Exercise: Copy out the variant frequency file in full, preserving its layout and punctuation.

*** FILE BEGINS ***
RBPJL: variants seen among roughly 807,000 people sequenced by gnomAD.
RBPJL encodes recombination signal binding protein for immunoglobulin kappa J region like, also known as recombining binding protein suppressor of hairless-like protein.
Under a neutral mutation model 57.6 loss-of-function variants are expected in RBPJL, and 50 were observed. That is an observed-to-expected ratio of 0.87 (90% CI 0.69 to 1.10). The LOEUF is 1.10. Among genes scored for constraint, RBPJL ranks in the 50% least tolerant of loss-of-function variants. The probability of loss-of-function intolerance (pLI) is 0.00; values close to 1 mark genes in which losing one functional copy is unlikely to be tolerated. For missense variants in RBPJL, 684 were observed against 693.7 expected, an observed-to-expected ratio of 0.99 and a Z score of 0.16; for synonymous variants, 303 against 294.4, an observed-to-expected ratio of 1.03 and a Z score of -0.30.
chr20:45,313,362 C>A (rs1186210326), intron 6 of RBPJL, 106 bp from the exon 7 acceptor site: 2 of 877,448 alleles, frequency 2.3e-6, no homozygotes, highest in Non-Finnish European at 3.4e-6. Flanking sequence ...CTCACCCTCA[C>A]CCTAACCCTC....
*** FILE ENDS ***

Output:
RBPJL: variants seen among roughly 807,000 people sequenced by gnomAD.
RBPJL encodes recombination signal binding protein for immunoglobulin kappa J region like, also known as recombining binding protein suppressor of hairless-like protein.
Under a neutral mutation model 57.6 loss-of-function variants are expected in RBPJL, and 50 were observed. That is an observed-to-expected ratio of 0.87 (90% CI 0.69 to 1.10). The LOEUF is 1.10. Among genes scored for constraint, RBPJL ranks in the 50% least tolerant of loss-of-function variants. The probability of loss-of-function intolerance (pLI) is 0.00; values close to 1 mark genes in which losing one functional copy is unlikely to be tolerated. For missense variants in RBPJL, 684 were observed against 693.7 expected, an observed-to-expected ratio of 0.99 and a Z score of 0.16; for synonymous variants, 303 against 294.4, an observed-to-expected ratio of 1.03 and a Z score of -0.30.
chr20:45,313,362 C>A (rs1186210326), intron 6 of RBPJL, 106 bp from the exon 7 acceptor site: 2 of 877,448 alleles, frequency 2.3e-6, no homozygotes, highest in Non-Finnish European at 3.4e-6. Flanking sequence ...CTCACCCTCA[C>A]CCTAACCCTC....